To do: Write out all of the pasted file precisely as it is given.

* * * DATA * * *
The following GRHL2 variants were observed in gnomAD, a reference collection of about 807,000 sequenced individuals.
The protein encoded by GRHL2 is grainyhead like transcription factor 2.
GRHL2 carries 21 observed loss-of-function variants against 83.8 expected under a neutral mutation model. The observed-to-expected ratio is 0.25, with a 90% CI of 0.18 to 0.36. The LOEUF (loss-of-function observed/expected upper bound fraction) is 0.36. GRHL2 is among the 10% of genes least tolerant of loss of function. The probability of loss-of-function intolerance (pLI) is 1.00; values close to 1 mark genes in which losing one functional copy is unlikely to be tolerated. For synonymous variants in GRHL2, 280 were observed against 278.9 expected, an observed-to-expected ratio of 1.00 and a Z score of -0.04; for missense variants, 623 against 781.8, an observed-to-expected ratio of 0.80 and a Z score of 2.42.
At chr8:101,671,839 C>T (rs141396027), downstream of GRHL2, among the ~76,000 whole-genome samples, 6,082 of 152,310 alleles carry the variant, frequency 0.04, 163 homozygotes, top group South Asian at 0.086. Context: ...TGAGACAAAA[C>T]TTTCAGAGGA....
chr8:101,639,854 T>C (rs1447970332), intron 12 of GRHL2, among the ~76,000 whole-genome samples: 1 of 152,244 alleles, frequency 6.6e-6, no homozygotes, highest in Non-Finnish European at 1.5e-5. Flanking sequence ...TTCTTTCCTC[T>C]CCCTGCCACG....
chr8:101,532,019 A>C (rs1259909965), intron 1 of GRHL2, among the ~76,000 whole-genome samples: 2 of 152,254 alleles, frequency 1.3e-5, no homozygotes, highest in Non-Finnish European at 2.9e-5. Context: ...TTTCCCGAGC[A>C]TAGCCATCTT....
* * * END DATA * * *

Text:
The following GRHL2 variants were observed in gnomAD, a reference collection of about 807,000 sequenced individuals.
The protein encoded by GRHL2 is grainyhead like transcription factor 2.
GRHL2 carries 21 observed loss-of-function variants against 83.8 expected under a neutral mutation model. The observed-to-expected ratio is 0.25, with a 90% CI of 0.18 to 0.36. The LOEUF (loss-of-function observed/expected upper bound fraction) is 0.36. GRHL2 is among the 10% of genes least tolerant of loss of function. The probability of loss-of-function intolerance (pLI) is 1.00; values close to 1 mark genes in which losing one functional copy is unlikely to be tolerated. For synonymous variants in GRHL2, 280 were observed against 278.9 expected, an observed-to-expected ratio of 1.00 and a Z score of -0.04; for missense variants, 623 against 781.8, an observed-to-expected ratio of 0.80 and a Z score of 2.42.
At chr8:101,671,839 C>T (rs141396027), downstream of GRHL2, among the ~76,000 whole-genome samples, 6,082 of 152,310 alleles carry the variant, frequency 0.04, 163 homozygotes, top group South Asian at 0.086. Context: ...TGAGACAAAA[C>T]TTTCAGAGGA....
chr8:101,639,854 T>C (rs1447970332), intron 12 of GRHL2, among the ~76,000 whole-genome samples: 1 of 152,244 alleles, frequency 6.6e-6, no homozygotes, highest in Non-Finnish European at 1.5e-5. Flanking sequence ...TTCTTTCCTC[T>C]CCCTGCCACG....
chr8:101,532,019 A>C (rs1259909965), intron 1 of GRHL2, among the ~76,000 whole-genome samples: 2 of 152,254 alleles, frequency 1.3e-5, no homozygotes, highest in Non-Finnish European at 2.9e-5. Context: ...TTTCCCGAGC[A>C]TAGCCATCTT....